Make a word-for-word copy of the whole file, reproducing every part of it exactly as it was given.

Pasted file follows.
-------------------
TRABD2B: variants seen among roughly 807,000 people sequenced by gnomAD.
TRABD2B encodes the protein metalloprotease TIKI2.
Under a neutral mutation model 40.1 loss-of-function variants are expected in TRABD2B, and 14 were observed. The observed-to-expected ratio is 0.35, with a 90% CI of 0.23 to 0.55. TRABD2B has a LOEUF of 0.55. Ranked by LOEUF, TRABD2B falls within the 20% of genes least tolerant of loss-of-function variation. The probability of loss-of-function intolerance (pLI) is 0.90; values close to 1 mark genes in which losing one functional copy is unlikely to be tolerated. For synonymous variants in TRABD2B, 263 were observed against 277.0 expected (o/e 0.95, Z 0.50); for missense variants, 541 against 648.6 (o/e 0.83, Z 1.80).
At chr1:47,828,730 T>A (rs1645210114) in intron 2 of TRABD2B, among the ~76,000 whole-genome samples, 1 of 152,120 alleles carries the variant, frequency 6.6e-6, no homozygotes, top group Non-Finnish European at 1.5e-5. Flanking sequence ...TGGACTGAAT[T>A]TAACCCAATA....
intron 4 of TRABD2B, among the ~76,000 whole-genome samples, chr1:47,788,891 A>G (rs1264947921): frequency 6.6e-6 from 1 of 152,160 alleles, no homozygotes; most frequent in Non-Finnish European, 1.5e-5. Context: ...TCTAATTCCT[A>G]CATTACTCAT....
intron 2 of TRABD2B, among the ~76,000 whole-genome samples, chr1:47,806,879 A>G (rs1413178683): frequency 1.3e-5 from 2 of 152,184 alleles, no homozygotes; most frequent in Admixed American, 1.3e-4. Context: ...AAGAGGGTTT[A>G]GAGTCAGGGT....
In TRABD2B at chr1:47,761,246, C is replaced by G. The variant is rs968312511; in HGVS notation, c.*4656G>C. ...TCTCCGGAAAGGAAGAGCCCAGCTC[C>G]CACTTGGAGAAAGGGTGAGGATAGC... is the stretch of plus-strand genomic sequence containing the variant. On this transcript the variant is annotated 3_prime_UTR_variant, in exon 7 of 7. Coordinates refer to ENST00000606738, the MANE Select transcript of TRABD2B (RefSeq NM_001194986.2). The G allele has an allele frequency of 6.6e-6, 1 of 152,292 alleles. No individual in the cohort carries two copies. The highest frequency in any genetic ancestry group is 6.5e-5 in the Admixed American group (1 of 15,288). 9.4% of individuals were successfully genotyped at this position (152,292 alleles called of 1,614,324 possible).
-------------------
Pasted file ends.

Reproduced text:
TRABD2B: variants seen among roughly 807,000 people sequenced by gnomAD.
TRABD2B encodes the protein metalloprotease TIKI2.
Under a neutral mutation model 40.1 loss-of-function variants are expected in TRABD2B, and 14 were observed. The observed-to-expected ratio is 0.35, with a 90% CI of 0.23 to 0.55. TRABD2B has a LOEUF of 0.55. Ranked by LOEUF, TRABD2B falls within the 20% of genes least tolerant of loss-of-function variation. The probability of loss-of-function intolerance (pLI) is 0.90; values close to 1 mark genes in which losing one functional copy is unlikely to be tolerated. For synonymous variants in TRABD2B, 263 were observed against 277.0 expected (o/e 0.95, Z 0.50); for missense variants, 541 against 648.6 (o/e 0.83, Z 1.80).
At chr1:47,828,730 T>A (rs1645210114) in intron 2 of TRABD2B, among the ~76,000 whole-genome samples, 1 of 152,120 alleles carries the variant, frequency 6.6e-6, no homozygotes, top group Non-Finnish European at 1.5e-5. Flanking sequence ...TGGACTGAAT[T>A]TAACCCAATA....
intron 4 of TRABD2B, among the ~76,000 whole-genome samples, chr1:47,788,891 A>G (rs1264947921): frequency 6.6e-6 from 1 of 152,160 alleles, no homozygotes; most frequent in Non-Finnish European, 1.5e-5. Context: ...TCTAATTCCT[A>G]CATTACTCAT....
intron 2 of TRABD2B, among the ~76,000 whole-genome samples, chr1:47,806,879 A>G (rs1413178683): frequency 1.3e-5 from 2 of 152,184 alleles, no homozygotes; most frequent in Admixed American, 1.3e-4. Context: ...AAGAGGGTTT[A>G]GAGTCAGGGT....
In TRABD2B at chr1:47,761,246, C is replaced by G. The variant is rs968312511; in HGVS notation, c.*4656G>C. ...TCTCCGGAAAGGAAGAGCCCAGCTC[C>G]CACTTGGAGAAAGGGTGAGGATAGC... is the stretch of plus-strand genomic sequence containing the variant. On this transcript the variant is annotated 3_prime_UTR_variant, in exon 7 of 7. Coordinates refer to ENST00000606738, the MANE Select transcript of TRABD2B (RefSeq NM_001194986.2). The G allele has an allele frequency of 6.6e-6, 1 of 152,292 alleles. No individual in the cohort carries two copies. The highest frequency in any genetic ancestry group is 6.5e-5 in the Admixed American group (1 of 15,288). 9.4% of individuals were successfully genotyped at this position (152,292 alleles called of 1,614,324 possible).